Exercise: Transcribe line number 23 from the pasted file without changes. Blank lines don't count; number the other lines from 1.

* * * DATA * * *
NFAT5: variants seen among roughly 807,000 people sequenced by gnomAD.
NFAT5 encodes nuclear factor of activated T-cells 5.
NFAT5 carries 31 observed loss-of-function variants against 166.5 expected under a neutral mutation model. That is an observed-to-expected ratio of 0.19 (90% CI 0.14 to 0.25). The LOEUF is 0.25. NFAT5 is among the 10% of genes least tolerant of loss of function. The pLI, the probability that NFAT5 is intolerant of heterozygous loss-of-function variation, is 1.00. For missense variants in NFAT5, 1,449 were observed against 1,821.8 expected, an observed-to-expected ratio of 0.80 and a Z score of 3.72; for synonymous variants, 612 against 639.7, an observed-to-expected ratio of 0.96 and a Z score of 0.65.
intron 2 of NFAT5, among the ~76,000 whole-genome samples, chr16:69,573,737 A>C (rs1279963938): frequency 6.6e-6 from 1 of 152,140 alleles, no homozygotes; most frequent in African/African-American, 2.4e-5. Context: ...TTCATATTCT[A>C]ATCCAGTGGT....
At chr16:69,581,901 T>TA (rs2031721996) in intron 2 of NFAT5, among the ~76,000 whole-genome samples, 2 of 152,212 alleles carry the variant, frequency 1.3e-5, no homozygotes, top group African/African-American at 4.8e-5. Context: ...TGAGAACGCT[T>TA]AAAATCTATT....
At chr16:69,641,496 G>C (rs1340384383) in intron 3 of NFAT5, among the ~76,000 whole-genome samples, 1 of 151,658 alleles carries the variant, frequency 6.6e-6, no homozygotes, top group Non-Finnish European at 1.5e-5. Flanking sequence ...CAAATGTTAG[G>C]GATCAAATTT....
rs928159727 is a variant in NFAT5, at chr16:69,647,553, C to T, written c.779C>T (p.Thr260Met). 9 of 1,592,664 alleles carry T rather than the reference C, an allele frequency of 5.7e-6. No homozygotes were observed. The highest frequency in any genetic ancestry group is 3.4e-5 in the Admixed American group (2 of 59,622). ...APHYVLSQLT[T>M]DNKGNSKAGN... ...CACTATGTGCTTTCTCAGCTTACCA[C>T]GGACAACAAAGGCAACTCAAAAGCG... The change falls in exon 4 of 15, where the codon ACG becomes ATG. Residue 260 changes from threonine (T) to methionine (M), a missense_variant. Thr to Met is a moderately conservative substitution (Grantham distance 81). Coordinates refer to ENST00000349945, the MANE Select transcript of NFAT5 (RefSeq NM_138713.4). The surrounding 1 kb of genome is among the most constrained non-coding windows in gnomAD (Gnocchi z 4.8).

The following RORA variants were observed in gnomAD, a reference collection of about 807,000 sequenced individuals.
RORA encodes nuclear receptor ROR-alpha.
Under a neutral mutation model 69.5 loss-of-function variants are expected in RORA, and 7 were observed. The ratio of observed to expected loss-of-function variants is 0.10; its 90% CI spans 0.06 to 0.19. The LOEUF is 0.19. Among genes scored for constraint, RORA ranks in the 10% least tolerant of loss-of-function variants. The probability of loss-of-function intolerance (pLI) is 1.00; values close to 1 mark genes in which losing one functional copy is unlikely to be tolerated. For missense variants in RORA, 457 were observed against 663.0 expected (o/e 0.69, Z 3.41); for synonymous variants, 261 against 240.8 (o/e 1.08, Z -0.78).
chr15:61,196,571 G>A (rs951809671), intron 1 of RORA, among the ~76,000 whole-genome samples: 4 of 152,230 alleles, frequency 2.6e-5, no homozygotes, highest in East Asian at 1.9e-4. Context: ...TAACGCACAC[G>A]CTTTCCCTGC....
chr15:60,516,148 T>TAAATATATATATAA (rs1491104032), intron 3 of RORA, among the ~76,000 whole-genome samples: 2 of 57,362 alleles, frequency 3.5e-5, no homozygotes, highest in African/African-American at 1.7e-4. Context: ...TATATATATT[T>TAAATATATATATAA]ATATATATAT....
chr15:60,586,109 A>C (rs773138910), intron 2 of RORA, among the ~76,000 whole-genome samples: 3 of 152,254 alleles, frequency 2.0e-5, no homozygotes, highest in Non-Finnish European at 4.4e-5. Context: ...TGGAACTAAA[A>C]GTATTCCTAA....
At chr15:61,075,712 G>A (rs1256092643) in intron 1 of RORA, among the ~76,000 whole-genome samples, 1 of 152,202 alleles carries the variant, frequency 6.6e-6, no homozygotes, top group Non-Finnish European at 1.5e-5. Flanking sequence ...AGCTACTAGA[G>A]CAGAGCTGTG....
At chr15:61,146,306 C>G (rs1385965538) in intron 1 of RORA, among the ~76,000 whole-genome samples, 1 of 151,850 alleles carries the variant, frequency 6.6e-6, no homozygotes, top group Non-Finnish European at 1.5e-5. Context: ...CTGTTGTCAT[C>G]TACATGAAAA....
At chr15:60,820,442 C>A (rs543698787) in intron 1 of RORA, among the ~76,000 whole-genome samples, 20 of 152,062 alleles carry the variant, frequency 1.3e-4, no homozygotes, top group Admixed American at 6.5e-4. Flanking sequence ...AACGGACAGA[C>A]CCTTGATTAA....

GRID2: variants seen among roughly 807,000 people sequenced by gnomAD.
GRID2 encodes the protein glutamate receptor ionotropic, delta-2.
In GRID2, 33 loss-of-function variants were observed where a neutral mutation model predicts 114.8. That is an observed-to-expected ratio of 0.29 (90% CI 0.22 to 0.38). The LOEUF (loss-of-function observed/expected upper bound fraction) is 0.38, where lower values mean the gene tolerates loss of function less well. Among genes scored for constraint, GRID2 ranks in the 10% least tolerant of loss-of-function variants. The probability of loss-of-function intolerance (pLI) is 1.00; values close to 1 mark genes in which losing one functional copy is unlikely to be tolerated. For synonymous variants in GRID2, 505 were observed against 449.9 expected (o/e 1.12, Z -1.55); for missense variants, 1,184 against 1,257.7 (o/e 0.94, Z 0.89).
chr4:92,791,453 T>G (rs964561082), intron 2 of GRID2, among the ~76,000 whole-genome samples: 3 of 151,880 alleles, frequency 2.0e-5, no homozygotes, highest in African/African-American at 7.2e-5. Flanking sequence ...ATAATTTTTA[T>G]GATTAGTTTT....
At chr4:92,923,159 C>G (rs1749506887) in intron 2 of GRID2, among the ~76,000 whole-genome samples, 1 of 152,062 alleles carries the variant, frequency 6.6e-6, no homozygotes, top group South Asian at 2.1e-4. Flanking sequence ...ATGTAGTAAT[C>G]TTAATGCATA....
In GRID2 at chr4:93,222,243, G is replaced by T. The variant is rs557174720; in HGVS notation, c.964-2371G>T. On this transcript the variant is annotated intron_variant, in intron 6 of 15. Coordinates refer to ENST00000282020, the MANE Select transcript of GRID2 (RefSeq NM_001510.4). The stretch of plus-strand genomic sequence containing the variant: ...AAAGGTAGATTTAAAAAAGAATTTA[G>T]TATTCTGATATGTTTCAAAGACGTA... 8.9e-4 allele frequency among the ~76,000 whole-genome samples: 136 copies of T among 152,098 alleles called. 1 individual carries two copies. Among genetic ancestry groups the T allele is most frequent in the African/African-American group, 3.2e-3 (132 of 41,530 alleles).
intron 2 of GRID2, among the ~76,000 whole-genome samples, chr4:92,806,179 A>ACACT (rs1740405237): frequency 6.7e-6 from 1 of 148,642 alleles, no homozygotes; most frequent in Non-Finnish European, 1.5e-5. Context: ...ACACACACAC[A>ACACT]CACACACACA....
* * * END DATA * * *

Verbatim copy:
intron 2 of GRID2, among the ~76,000 whole-genome samples, chr4:92,806,179 A>ACACT (rs1740405237): frequency 6.7e-6 from 1 of 148,642 alleles, no homozygotes; most frequent in Non-Finnish European, 1.5e-5. Context: ...ACACACACAC[A>ACACT]CACACACACA....